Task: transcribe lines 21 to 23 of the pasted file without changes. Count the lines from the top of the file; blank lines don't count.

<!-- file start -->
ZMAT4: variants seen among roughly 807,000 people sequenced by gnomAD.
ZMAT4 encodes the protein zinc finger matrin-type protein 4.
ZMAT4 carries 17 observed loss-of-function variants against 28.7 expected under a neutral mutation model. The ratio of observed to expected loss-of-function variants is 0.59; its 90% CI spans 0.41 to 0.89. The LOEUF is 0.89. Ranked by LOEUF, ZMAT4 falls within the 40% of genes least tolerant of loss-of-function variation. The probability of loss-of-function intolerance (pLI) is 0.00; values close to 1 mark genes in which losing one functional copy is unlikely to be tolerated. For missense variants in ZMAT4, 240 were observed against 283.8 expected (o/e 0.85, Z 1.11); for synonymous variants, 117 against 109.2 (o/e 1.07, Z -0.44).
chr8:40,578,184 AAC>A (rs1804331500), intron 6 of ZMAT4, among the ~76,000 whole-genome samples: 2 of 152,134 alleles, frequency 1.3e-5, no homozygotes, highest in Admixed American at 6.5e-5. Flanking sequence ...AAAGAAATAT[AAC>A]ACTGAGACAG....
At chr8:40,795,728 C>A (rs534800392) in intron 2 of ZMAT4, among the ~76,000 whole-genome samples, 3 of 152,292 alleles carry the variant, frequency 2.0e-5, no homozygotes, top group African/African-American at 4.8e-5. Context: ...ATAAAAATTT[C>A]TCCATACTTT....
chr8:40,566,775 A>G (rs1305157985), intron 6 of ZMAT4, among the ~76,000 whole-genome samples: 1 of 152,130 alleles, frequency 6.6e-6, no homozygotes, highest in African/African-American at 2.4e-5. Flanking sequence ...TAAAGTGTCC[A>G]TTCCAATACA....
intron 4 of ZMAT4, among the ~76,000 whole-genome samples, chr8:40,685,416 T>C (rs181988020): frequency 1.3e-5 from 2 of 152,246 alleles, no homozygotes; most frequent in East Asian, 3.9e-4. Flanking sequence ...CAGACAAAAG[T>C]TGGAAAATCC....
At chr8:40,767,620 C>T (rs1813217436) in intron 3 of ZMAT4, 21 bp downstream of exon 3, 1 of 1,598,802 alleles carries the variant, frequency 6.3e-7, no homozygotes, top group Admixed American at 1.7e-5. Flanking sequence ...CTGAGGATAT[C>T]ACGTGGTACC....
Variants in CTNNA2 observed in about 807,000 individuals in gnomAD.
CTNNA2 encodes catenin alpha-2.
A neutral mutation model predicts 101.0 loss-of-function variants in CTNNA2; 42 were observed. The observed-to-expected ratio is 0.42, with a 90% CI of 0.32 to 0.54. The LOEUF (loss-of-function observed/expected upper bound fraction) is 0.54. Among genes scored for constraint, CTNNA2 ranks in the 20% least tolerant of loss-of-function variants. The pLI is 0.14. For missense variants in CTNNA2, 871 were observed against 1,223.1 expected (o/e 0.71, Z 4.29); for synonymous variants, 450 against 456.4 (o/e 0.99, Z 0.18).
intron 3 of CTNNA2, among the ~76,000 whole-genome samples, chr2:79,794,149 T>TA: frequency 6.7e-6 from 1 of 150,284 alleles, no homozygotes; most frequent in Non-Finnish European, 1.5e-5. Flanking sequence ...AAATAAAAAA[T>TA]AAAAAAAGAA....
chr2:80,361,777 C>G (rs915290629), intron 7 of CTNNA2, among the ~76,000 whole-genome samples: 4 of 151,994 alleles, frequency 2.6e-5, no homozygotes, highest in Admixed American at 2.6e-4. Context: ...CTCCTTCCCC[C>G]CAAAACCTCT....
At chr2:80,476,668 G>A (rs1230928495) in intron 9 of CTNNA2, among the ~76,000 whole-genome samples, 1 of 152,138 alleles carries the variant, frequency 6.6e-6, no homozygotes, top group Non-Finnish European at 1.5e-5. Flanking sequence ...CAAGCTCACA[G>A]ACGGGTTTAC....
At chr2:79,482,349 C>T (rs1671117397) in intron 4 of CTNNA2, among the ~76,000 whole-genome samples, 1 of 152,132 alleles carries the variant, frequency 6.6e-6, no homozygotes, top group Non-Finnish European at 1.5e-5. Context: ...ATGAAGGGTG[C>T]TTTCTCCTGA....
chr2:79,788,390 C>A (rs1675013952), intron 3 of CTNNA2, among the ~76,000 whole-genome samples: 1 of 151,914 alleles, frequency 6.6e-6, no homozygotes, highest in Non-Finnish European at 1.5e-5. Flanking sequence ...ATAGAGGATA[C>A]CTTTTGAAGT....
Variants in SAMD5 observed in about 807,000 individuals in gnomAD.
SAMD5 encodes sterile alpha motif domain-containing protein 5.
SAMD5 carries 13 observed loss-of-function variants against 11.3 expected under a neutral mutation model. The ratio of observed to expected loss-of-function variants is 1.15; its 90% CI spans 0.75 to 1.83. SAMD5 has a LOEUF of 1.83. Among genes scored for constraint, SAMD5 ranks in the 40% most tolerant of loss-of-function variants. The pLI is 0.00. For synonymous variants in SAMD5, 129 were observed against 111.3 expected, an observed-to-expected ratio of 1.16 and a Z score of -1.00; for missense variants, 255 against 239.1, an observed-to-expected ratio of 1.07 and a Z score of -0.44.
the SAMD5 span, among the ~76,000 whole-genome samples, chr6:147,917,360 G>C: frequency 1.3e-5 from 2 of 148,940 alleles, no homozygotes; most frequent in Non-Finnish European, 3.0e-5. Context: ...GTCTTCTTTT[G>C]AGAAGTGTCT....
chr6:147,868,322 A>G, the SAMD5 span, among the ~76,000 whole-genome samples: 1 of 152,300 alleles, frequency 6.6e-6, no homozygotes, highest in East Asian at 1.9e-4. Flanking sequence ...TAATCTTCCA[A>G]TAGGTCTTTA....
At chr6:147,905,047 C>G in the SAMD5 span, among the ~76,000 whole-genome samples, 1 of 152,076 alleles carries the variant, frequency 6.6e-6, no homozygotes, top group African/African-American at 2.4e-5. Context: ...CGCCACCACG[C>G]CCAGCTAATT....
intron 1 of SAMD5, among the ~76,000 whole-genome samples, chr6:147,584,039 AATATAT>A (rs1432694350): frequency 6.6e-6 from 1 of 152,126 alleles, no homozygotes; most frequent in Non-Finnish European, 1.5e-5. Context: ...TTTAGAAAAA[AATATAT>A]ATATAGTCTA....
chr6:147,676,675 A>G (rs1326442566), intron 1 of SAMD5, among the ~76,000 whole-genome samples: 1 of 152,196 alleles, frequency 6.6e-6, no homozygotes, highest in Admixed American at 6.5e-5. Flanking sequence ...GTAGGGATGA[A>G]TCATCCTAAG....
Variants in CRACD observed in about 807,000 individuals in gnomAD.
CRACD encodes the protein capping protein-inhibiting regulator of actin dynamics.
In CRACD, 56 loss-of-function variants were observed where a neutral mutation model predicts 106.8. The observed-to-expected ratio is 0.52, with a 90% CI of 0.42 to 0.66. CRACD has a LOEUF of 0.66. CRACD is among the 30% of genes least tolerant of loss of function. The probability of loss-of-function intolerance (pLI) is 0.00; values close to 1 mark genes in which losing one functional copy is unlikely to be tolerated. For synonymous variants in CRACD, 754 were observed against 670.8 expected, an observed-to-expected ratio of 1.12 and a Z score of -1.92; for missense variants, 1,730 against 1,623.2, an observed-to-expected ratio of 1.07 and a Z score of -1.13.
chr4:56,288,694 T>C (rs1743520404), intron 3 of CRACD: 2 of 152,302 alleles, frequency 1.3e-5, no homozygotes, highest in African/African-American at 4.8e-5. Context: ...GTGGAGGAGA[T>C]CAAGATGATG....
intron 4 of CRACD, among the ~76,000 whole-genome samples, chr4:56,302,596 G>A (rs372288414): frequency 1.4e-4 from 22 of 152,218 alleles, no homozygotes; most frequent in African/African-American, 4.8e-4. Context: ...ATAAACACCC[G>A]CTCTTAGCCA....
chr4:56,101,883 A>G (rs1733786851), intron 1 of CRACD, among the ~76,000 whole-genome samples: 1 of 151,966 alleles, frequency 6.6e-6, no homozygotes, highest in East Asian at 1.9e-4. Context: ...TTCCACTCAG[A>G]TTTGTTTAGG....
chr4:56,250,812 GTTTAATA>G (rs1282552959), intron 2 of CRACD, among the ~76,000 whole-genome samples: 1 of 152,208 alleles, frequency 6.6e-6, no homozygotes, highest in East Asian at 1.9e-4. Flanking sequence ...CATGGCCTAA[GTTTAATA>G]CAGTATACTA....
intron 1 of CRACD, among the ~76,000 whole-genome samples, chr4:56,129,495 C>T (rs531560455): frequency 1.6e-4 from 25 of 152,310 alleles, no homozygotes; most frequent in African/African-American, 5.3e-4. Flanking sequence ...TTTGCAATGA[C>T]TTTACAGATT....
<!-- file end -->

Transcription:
chr6:147,868,322 A>G, the SAMD5 span, among the ~76,000 whole-genome samples: 1 of 152,300 alleles, frequency 6.6e-6, no homozygotes, highest in East Asian at 1.9e-4. Flanking sequence ...TAATCTTCCA[A>G]TAGGTCTTTA....
At chr6:147,905,047 C>G in the SAMD5 span, among the ~76,000 whole-genome samples, 1 of 152,076 alleles carries the variant, frequency 6.6e-6, no homozygotes, top group African/African-American at 2.4e-5. Context: ...CGCCACCACG[C>G]CCAGCTAATT....
intron 1 of SAMD5, among the ~76,000 whole-genome samples, chr6:147,584,039 AATATAT>A (rs1432694350): frequency 6.6e-6 from 1 of 152,126 alleles, no homozygotes; most frequent in Non-Finnish European, 1.5e-5. Context: ...TTTAGAAAAA[AATATAT>A]ATATAGTCTA....